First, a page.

Multilevel Resilience Analysis of Transportation and Communication Networks
Çetinkaya, Egemen K.
Alenazi, Mohammed J.F.
Peck, Andrew M.
Rohrer, Justin P.
Sterbenz, James P.G.
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For many years the research community has attempted to model the Internet in order to better understand its behaviour and improve its performance. Since much of the structural complexity of the Internet is due to its multilevel operation, the Internet’s multilevel nature is an important and non-trivial feature that researchers must consider when developing appropriate models. In this paper, we compare the normalised Laplacian spectra of physical- and logical-level topologies of four commercial ISP and two research networks against the US freeway topology, and show an- alytically that physical level communication networks are structurally similar to the US freeway topology. We also generate synthetic Gabriel graphs of physical topologies and show that while these synthetic topolo- gies capture the grid-like structure of actual topologies, they are more expensive than the actual physical level topologies based on a network cost model. Moreover, we introduce a distinction between geographic graphs that include degree-2 nodes needed to capture the geographic paths along which physical links follow, and structural graphs that eliminate these degree-2 nodes and capture only the interconnection properties of the physical graph and its multilevel relationship to logical graph overlays. Furthermore, we develop a multilevel graph evaluation framework and analyse the resilience of single and multilevel graphs using the flow robustness metric. We then confirm that dynamic routing performed over the lower levels helps to improve the performance of a higher level service, and that adaptive challenges more severely impact the performance of the higher levels than non-adaptive challenges.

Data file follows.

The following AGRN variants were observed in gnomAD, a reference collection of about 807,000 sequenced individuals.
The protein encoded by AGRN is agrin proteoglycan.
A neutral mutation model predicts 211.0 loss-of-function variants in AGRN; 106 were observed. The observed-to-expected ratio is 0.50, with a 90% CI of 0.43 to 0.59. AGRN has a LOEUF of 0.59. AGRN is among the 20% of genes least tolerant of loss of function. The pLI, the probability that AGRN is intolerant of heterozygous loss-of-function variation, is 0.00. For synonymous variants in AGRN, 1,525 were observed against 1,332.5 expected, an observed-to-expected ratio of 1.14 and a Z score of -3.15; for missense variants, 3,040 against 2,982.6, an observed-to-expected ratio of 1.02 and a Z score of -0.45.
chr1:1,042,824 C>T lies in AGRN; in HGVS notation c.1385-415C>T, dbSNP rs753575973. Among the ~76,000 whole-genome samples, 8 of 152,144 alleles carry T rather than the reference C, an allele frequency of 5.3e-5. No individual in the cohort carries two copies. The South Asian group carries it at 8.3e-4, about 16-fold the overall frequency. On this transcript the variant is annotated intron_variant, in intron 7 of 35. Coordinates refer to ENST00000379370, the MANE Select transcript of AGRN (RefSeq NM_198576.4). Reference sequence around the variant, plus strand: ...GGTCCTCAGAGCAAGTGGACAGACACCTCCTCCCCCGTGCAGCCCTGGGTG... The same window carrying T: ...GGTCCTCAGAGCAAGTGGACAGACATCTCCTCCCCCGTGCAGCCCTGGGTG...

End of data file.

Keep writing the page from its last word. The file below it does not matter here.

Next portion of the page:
Telecommunications Systems 60 (4), 515–537
RightsThis publication is a work of the U.S. Government as defined in Title 17, United States Code, Section 101. Copyright protection is not available for this work in the United States.
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